6 (of the many) Different Types of Addictions

1. Substance Use Disorders

Of all addictions, this is usually the first to come to peoples mind. Although many people are familiar with it, most are not educated on what it actually entails. Despite the commonplace thinking, substance abuse disorders are not based on how much of the substance it being consumed. DiNitto and McNeece (2008) explain that substance abuse is “…determined by the effects alcohol or drug use have on an individual…”(p.173).

Criteria for substance abuse:

  1. failure to meet obligations at work, school, or home
  2. use of alcohol or drugs in hazardous situations, such as driving
  3. legal problems, like arrests for public intoxication
  4. interpersonal problems, like fights

Criteria for substance dependence:

  1. use of more of the substance to get the same effect
  2. withdrawal symptoms when one is not using the substance
  3. use of more of the substance than intended
  4. unsuccessful efforts to cut down
  5. increasing amounts of time spent using and recovering
  6. decrease in usual activities
  7. continued use despite persistent physical or psychological problems

(DiNitto & McNeece, 2008, p.173)



2. Pathological Gambling

Another common addiction is gambling. In 1999 the National Research Council estimated that approximately 1.5% of adults in the US met the criteria for pathological gambling (DiNitto & McNeece, 2008, p.176).

Criteria for pathological gambling:

  1. preoccupation resulting in illegal acts to obtain money for gambling
  2. loss of family, friends, and jobs
  3. increasing amounts of time spent gambling
  4. lying about gambling
  5. having to gamble more money to achieve excitement
  6. failed efforts tot control gambling, and irritability when trying to do so

(DiNitto & McNeece, 2008, p.175).


poker player with chips and money at casino table

3. Compulsive Eating

It’s no secret that America has an obesity problem. But what many people do not realize is that eating can be addictive. According to the U.S. Department of Health and Human Services, in 2001 overweight and obesity rates for adults, children, and adolescents was 61%, 13% and 14%, respectively.

(DiNitto & McNeece, 2008, p.176)




4. Compulsive Shopping or Spending

Everyone knows a “shopaholic”. Although not recognized by the APA as an actual addiction, compulsive shopping or spending follows the same criteria as a gambling addiction. Compulsive shopping can lead to large debts and tensions within families. Most social worker’s experience with compulsive shopping is in marital counseling.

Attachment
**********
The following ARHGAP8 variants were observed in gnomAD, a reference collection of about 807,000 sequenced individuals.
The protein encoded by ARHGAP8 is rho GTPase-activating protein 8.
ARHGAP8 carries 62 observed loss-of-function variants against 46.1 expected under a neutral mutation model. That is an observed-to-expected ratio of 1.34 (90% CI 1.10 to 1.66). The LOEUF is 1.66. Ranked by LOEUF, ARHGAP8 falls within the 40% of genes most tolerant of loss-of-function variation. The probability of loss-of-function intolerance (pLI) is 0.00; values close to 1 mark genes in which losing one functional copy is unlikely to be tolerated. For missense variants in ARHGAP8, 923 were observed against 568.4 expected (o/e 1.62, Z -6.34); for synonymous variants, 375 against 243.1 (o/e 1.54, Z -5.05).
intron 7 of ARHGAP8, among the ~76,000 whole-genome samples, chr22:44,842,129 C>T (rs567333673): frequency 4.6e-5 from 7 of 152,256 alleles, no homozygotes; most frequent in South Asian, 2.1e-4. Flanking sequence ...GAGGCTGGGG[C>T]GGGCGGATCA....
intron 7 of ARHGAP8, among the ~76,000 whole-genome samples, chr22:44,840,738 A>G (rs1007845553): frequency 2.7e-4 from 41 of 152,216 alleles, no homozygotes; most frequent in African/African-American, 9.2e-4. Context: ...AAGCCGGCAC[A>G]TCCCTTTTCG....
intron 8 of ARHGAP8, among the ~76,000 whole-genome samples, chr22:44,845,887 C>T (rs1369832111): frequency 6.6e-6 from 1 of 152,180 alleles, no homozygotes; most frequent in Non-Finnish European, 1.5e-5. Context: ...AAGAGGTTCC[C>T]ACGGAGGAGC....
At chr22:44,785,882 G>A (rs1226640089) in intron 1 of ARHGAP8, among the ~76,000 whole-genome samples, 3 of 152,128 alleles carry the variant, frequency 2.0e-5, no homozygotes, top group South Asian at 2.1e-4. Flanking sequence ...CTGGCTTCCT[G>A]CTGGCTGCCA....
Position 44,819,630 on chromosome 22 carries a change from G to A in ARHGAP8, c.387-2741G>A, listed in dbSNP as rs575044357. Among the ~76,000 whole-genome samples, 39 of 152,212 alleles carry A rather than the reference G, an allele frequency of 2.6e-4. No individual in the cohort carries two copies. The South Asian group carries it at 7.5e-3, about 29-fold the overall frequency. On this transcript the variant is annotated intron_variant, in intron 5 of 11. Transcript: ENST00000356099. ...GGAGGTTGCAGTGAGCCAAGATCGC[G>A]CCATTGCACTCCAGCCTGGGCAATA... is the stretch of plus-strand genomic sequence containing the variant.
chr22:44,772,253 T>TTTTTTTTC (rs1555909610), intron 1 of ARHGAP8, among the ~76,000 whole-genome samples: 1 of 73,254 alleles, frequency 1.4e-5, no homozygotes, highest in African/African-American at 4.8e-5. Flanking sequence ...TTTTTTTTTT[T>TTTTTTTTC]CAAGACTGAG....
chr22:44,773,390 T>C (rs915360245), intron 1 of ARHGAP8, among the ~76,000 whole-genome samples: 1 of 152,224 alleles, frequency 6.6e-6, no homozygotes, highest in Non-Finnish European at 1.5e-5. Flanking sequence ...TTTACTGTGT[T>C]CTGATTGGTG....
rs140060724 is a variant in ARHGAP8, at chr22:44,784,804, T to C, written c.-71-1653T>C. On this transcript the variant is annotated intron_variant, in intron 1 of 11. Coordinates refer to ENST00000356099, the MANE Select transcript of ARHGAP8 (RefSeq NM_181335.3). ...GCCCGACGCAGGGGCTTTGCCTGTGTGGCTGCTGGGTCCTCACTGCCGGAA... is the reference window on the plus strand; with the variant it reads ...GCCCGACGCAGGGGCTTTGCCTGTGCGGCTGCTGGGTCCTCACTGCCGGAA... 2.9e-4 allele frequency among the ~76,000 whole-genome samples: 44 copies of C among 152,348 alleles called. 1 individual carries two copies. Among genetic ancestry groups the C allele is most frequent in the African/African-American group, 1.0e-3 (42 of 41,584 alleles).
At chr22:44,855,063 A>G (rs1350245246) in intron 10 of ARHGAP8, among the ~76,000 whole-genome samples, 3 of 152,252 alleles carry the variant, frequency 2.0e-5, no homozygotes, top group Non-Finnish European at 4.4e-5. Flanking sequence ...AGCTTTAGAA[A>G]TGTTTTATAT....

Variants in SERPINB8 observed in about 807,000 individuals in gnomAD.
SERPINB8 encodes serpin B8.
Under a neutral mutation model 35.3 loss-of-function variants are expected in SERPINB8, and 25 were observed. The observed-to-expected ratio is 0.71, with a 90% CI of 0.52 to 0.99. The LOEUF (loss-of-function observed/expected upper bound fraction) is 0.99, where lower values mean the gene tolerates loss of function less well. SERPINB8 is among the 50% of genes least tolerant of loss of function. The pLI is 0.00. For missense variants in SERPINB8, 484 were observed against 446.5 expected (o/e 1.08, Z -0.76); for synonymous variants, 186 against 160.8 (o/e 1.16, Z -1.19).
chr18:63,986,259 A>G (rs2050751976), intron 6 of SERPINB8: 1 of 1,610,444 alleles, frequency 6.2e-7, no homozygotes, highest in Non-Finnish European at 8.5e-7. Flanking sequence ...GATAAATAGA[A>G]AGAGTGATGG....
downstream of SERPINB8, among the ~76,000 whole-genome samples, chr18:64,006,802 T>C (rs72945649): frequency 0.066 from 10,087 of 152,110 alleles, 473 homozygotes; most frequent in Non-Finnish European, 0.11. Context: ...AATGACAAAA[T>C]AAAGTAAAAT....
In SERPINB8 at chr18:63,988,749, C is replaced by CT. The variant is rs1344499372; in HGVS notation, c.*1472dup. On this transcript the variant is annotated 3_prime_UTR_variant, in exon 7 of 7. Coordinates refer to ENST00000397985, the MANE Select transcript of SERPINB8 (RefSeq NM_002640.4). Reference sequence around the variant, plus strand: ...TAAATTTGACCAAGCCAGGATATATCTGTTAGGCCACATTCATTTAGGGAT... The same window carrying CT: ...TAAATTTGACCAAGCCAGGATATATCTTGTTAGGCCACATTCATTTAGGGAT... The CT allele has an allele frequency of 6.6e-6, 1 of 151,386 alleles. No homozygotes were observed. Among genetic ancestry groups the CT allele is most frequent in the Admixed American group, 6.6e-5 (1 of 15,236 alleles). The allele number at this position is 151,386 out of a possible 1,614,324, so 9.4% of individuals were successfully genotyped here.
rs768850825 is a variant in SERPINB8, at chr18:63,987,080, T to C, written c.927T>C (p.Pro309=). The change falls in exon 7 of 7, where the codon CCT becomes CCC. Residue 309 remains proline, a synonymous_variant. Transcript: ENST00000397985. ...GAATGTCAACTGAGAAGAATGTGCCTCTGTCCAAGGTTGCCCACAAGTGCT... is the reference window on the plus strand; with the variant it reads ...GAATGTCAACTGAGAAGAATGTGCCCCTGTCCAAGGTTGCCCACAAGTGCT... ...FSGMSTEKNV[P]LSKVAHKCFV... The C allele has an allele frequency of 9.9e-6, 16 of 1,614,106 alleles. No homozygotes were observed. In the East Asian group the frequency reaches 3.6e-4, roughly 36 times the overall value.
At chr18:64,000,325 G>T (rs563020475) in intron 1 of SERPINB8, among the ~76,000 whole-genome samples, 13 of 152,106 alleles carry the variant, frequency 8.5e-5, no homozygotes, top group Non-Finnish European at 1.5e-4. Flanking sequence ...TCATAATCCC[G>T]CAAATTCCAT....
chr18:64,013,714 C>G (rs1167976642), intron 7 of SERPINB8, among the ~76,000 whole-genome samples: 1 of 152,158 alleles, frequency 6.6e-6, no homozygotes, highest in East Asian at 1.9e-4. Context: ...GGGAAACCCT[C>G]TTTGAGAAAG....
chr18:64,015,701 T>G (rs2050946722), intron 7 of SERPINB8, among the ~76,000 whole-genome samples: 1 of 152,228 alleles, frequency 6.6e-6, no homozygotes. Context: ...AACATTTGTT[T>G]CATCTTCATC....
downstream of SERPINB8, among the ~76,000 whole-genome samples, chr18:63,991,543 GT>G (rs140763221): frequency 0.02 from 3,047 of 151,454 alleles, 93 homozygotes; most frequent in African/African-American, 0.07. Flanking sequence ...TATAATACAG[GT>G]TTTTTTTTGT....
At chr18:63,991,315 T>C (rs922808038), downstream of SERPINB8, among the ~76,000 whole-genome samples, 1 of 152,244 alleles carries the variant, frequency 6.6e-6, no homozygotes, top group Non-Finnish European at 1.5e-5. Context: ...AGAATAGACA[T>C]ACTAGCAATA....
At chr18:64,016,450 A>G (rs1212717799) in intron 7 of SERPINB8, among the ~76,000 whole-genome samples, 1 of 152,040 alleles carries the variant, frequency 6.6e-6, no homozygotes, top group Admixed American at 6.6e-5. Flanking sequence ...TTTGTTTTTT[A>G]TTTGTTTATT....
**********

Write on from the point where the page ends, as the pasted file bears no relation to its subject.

(DiNitto & McNeece, 2008, p.176).




5. Compulsive Sexual Behavior

Compulsive sexual behavior is another addiction that can be confusing to many people. The most common sexual behavior disorder is pedophilia. DiNitto and McNeece summarize the 2007 statement made the Society for the Advancement of Sexual Health that tries to define compulsive sexual behavior.

Many forms of compulsive sexual behavior:

  1. loss of control over some form or forms of sexual behavior
  2. negative consequences
  3. constant involuntary preoccupation with the behavior
  4. feeling guilt or shame over sexual behavior
  5. having sex with prostitutes, others one has just met, or people with whom one would not otherwise associate
  6. some may engage in unsafe, painful, or abusive sexual activities
  7. some may restrict sexual activity to only masturbation

(DiNitto & McNeece, 2008, p.176-7).




6. Excessive Internet Use and Other Excessive Behaviors

Most people these days, especially the younger generations, are constantly with their phones or laptops surfing the web. One’s obsession with the internet can lead to interpersonal tensions. With all the new dating sites and social media platforms out there it’s easy to get caught up in an extramarital relationship. Even more serious, it can lead to many different crimes such as viewing child pornography or soliciting sex form minors. The internet is a great thing but it can be easily abused. According to DiNitto and McNeece (2008), “…it becomes a problem when it interferes with relationships, work, and other aspects of everyday life” (p.177).




Works Cited

DiNitto, D. M., & McNeece, C. A. (2008). Social work: Issues and opportunities in a challenging profession (3rd ed.). Chicago, IL: Lyceum Books.

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